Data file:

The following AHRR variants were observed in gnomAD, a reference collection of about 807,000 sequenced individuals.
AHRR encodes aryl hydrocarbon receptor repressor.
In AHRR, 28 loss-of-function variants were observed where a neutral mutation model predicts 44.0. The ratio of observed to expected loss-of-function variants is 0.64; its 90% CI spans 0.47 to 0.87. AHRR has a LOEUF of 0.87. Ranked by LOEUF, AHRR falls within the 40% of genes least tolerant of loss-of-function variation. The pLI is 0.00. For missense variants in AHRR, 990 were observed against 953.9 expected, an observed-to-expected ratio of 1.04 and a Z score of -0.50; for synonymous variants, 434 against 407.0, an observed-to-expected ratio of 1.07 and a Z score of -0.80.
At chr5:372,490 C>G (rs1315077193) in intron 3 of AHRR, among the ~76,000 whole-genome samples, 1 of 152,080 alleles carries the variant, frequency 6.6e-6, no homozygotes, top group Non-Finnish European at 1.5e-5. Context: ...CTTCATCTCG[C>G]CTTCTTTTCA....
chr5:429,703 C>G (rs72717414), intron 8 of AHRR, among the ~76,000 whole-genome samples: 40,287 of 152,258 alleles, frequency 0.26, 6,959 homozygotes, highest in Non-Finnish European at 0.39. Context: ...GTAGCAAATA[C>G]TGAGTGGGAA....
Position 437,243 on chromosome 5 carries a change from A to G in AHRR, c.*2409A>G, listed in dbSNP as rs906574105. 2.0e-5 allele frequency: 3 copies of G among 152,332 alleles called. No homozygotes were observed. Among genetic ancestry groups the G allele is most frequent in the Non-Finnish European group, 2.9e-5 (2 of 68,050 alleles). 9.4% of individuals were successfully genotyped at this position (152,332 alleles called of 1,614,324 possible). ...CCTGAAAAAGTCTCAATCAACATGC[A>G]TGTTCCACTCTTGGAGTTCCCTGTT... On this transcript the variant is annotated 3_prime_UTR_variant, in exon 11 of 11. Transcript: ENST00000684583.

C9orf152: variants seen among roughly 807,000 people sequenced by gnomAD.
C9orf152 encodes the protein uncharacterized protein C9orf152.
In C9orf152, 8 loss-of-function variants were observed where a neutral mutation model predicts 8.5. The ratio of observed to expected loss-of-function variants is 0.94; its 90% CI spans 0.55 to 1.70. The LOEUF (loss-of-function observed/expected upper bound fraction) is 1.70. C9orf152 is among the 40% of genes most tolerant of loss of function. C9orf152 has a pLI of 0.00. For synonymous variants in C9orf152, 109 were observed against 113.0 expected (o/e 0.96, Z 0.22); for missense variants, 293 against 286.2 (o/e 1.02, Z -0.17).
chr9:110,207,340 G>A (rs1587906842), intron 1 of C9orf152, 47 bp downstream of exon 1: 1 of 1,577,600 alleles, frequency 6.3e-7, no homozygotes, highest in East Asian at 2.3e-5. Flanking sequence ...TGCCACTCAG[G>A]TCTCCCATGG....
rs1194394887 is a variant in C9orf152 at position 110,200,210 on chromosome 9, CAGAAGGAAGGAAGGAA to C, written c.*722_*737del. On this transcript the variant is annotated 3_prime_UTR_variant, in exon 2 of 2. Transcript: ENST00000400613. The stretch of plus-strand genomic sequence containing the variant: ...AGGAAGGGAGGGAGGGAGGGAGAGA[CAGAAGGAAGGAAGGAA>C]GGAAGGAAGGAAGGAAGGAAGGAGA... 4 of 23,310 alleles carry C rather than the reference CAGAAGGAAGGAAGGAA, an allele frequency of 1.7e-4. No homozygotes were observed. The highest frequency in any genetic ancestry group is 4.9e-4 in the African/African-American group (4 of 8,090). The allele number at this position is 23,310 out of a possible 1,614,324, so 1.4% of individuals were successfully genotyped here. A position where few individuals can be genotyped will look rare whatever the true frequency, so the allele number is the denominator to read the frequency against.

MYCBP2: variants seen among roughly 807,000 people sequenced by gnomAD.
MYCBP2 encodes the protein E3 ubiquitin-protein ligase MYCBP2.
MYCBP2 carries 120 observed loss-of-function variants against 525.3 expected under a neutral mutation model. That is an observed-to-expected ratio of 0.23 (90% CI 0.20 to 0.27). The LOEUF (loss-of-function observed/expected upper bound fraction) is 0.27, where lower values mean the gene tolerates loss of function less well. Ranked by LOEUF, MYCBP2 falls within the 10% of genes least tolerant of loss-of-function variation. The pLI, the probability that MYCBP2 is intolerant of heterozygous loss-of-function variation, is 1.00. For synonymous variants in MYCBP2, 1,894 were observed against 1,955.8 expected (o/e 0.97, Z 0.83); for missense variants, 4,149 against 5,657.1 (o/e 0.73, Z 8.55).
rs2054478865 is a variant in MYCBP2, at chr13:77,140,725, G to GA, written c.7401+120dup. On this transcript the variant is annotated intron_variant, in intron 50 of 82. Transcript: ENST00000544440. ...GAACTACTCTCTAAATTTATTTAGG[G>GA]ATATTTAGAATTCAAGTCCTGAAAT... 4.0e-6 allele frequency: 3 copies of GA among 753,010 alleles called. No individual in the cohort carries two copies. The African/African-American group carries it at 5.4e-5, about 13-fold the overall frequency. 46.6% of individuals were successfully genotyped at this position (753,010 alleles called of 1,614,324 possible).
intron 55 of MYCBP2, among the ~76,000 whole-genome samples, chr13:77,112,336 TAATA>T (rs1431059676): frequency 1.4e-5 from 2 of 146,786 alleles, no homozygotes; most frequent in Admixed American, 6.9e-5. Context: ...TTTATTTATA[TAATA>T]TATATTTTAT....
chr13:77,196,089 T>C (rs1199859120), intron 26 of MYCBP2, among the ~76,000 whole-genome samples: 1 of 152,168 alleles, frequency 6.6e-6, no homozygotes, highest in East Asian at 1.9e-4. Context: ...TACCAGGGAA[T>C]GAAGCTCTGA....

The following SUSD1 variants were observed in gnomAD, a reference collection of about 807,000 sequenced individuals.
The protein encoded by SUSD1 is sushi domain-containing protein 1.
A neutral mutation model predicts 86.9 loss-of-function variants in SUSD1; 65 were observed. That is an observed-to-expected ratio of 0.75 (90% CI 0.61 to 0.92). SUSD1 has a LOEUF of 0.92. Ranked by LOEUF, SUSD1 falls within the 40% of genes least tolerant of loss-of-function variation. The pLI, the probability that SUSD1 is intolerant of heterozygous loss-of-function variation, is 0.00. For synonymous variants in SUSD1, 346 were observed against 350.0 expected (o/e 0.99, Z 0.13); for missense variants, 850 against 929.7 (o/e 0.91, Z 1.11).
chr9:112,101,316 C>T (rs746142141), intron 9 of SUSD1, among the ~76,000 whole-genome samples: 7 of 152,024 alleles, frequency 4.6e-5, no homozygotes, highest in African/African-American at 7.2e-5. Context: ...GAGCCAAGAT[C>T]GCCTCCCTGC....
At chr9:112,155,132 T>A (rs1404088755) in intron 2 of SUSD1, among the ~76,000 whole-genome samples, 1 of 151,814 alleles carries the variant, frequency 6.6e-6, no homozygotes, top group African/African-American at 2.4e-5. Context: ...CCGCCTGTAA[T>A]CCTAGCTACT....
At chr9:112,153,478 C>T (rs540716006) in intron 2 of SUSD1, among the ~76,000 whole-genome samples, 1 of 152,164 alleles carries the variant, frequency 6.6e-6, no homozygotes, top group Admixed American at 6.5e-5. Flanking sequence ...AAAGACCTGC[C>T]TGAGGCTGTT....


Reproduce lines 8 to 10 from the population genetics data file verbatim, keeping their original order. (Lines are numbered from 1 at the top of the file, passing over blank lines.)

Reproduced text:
C9orf152 encodes the protein uncharacterized protein C9orf152.
In C9orf152, 8 loss-of-function variants were observed where a neutral mutation model predicts 8.5. The ratio of observed to expected loss-of-function variants is 0.94; its 90% CI spans 0.55 to 1.70. The LOEUF (loss-of-function observed/expected upper bound fraction) is 1.70. C9orf152 is among the 40% of genes most tolerant of loss of function. C9orf152 has a pLI of 0.00. For synonymous variants in C9orf152, 109 were observed against 113.0 expected (o/e 0.96, Z 0.22); for missense variants, 293 against 286.2 (o/e 1.02, Z -0.17).
chr9:110,207,340 G>A (rs1587906842), intron 1 of C9orf152, 47 bp downstream of exon 1: 1 of 1,577,600 alleles, frequency 6.3e-7, no homozygotes, highest in East Asian at 2.3e-5. Flanking sequence ...TGCCACTCAG[G>A]TCTCCCATGG....